This is the fourth and final post in this series, Staying is the New Going.
All right here’s the last shift and then we’re going to wrap this up. In order to better love the places God puts us we must shift from impact to investment.
If you’re a church person or grew up in Sunday School these words are all too familiar. "Also, seek the peace and prosperity of the city to which I have carried you into exile. Pray to the LORD for it, because if it prospers, you too will prosper."
(So live long and prosper.)
God knew that when His people arrived in Babylon they’d prefer to pitch tents rather than build houses and cultivate gardens. Babylon wasn’t home for them. Babylon was just a detour on the journey to their preferred destination. And yet God says through Jeremiah, “Seek the shalom of the city. Pray to Me for Babylon’s well-being because if Babylon thrives, you will thrive.”
Topeka is known for a lot of things like Truckhenge, potatoes, and tornadoes, but if I’m honest, praying for the well-being of the city is an area I need to grow in. If people are praying I imagine they’re praying for a ticket out of the city. The text says, “Seek the welfare of the city.” This word “seek” is an interesting word because it communicates the idea of treading a place…of walking in a place over and over and over again.
This is something we do really well as a church. Long before I ever came on staff somebody decided that the best way to do global missions is to invest in building relationships with people, churches, and organizations. And rather than sending teams overseas one time to make an impact (whether it’s building homes or digging wells) never to be seen or heard from again when we leave, we continue to send resources and teams to the same places around the world. Places like Katherie, Sierra Leone where we’ve helped build a church, a school, grain storage, and we’ve come alongside families who were devastated by last year’s Ebola crisis. We tread in the same places because we believe that long-term investment trumps short-term impact.
In our culture the idea of treading a place is similar in many ways to being a repeat customer. This is where we leverage our habits and routines. Our habits and routines are powerful forces of change.
I had lunch with a friend a couple weeks ago and at one point in our conversation we were talking about where to meet for lunch and he said he only ate at three places in town. I thought the same thing you’re thinking, “Only three? But there are so many good places to eat!” So I met him for lunch at one of his three spots. If you really think about it, that’s kinda genius. It’s genius because (I don’t know about you but…) I hate wasting time and energy trying to decide where to eat, but if I commit to 3 or 4 places then I don’t have to even think about where to go. It’s also genius because what happens when you go out to eat and you keep showing up at the same 3 or 4 places? Exactly! You have the opportunity to get to know the employees and they get to know you. You know this because you are really intelligent people and some of you are really great at leveraging your habits and routines by making small, incremental deposits in peoples’ lives. You understand really well that long-term investment trumps short-term impact.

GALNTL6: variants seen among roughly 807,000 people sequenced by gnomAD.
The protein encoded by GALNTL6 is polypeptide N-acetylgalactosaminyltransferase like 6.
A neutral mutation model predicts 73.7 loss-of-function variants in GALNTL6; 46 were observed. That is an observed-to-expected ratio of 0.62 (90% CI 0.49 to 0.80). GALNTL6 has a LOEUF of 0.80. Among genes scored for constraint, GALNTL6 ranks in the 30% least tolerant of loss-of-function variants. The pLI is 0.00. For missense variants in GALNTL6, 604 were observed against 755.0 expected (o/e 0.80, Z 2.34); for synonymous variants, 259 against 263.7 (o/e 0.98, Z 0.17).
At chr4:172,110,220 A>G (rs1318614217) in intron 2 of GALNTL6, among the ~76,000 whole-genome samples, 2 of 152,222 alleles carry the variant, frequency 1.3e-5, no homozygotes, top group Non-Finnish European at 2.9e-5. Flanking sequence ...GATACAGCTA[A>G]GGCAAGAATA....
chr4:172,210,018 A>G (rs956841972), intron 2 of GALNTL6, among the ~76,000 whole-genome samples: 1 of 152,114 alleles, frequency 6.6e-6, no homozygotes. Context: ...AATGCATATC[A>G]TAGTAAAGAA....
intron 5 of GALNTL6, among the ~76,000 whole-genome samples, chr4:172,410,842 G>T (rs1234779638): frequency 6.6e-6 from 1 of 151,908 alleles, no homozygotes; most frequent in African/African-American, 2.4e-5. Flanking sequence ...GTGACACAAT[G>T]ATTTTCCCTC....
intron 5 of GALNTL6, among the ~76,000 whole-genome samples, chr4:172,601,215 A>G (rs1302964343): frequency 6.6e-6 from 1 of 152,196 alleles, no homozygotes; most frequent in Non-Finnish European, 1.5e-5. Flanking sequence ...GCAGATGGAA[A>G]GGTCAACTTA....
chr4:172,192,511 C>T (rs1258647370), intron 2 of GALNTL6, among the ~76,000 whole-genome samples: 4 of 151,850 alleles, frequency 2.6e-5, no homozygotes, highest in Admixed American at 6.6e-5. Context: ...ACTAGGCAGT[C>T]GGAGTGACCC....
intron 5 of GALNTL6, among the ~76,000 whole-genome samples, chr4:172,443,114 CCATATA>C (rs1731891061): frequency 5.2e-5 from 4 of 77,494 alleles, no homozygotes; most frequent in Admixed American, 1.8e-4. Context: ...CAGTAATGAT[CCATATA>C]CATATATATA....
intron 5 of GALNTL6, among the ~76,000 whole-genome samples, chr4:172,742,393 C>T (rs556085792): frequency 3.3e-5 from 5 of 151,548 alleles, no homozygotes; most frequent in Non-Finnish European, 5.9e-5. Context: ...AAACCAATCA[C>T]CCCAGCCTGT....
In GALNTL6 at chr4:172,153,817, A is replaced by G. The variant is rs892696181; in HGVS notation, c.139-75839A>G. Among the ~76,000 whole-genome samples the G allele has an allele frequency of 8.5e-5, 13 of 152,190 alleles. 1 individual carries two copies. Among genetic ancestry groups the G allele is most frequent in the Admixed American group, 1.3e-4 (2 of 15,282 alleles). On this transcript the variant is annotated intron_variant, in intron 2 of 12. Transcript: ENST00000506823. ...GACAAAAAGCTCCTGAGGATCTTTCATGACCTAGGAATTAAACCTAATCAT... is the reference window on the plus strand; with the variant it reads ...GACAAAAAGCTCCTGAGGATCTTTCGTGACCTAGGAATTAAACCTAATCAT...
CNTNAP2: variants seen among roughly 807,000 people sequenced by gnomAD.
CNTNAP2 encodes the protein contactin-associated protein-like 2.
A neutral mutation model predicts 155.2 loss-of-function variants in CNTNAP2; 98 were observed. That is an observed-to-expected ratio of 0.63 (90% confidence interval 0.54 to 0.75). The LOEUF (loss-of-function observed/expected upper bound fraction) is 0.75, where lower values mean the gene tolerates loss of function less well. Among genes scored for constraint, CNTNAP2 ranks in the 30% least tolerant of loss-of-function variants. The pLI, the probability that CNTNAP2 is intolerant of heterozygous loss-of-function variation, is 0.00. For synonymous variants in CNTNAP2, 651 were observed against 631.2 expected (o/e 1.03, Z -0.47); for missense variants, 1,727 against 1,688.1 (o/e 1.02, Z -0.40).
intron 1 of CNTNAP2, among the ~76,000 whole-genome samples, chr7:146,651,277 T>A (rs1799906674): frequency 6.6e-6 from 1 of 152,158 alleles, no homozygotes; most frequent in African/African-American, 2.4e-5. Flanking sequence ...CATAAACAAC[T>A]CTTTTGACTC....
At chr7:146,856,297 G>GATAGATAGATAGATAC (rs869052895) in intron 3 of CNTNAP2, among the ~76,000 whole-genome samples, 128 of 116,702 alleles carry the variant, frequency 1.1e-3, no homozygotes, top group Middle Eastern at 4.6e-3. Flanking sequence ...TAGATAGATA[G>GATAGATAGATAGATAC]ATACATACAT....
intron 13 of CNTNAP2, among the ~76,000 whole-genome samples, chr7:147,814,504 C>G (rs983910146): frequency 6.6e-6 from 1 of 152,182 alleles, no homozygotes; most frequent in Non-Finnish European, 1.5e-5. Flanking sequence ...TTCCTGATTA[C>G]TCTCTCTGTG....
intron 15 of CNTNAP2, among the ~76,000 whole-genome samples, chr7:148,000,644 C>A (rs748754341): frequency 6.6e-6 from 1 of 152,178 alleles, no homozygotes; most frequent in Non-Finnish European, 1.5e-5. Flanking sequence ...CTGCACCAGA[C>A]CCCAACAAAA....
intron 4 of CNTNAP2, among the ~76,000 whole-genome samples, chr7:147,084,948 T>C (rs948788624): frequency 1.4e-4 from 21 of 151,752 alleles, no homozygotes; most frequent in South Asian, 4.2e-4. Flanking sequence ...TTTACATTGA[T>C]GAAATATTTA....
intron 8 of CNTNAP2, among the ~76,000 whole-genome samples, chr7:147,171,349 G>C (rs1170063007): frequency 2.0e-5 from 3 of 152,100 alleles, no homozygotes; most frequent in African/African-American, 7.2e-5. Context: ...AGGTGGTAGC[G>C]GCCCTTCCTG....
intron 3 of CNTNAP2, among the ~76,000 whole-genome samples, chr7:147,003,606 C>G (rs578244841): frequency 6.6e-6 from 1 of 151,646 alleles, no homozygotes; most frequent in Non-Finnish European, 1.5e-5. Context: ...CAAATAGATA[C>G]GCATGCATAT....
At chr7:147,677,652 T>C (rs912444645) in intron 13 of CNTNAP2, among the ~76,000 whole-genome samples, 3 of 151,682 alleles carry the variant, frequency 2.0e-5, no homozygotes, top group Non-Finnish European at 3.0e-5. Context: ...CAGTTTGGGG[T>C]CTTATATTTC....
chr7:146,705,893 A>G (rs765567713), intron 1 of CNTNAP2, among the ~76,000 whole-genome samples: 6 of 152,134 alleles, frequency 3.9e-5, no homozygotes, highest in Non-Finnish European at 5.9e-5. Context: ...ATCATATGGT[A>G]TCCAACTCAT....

A couple times a month after the kids are put to bed a few guys from Grace Point meet up at Buffalo Wild Wings and one of the things I observed was that my friends were looking for a waiter there named Shawn. Over the last several months these guys have developed something of a friendship with this guy and if Shawn was working, they wanted seats at his table. It didn’t look like he was around so we sat down, but you know what? Shawn saw us and came over to talk. He even came back later when the place was nearly empty, sat down, and caught up on life with the guys around the table. Shifting from impact to investment isn’t just about where you spend or don’t spend your money. It’s about investing in people around you. Join the PTO. Coach your kids’ sports team. Volunteer at your kids’ school. Become a Lunch Buddy. Whatever you do leverage your gifts, routines, and habits to invest in others.
Hey, look, I know I’m covering a lot of territory here, but I really do believe that in order the be the best news we can be in Topeka we have to choose to love the places God puts us. And for some of us right now this is a struggle. And if you’re not struggling with this right now, just wait! File this away for later because a day will come and it will happen. Choosing to love the places God put us begins with us as we leave behind our tourist mindset and live as Proverbs 27:10 people who make the lives of others around us better because we’re invested in our neighbors and in our companies. Our homes are no longer places we go to hideout and get away from everyone, but they become hangouts and hubs for ministry in our neighborhoods. And we commit to long-term investment the greater good of the city.
No matter how you are wired, you can learn to engage with the people in the places you are with the love of Jesus. Digging deep with people in your place isn’t about being an introvert or an extrovert; and for those of us who are followers of Jesus it’s about being a disciple of Jesus who takes the Great Commandment to love others as ourselves seriously. We can unleash His love on others in extraordinary and ordinary ways. There’s no perfect strategy to start loving the place God puts you, but at some point we all must start the journey. So with as much gentleness as I can say it: Start today.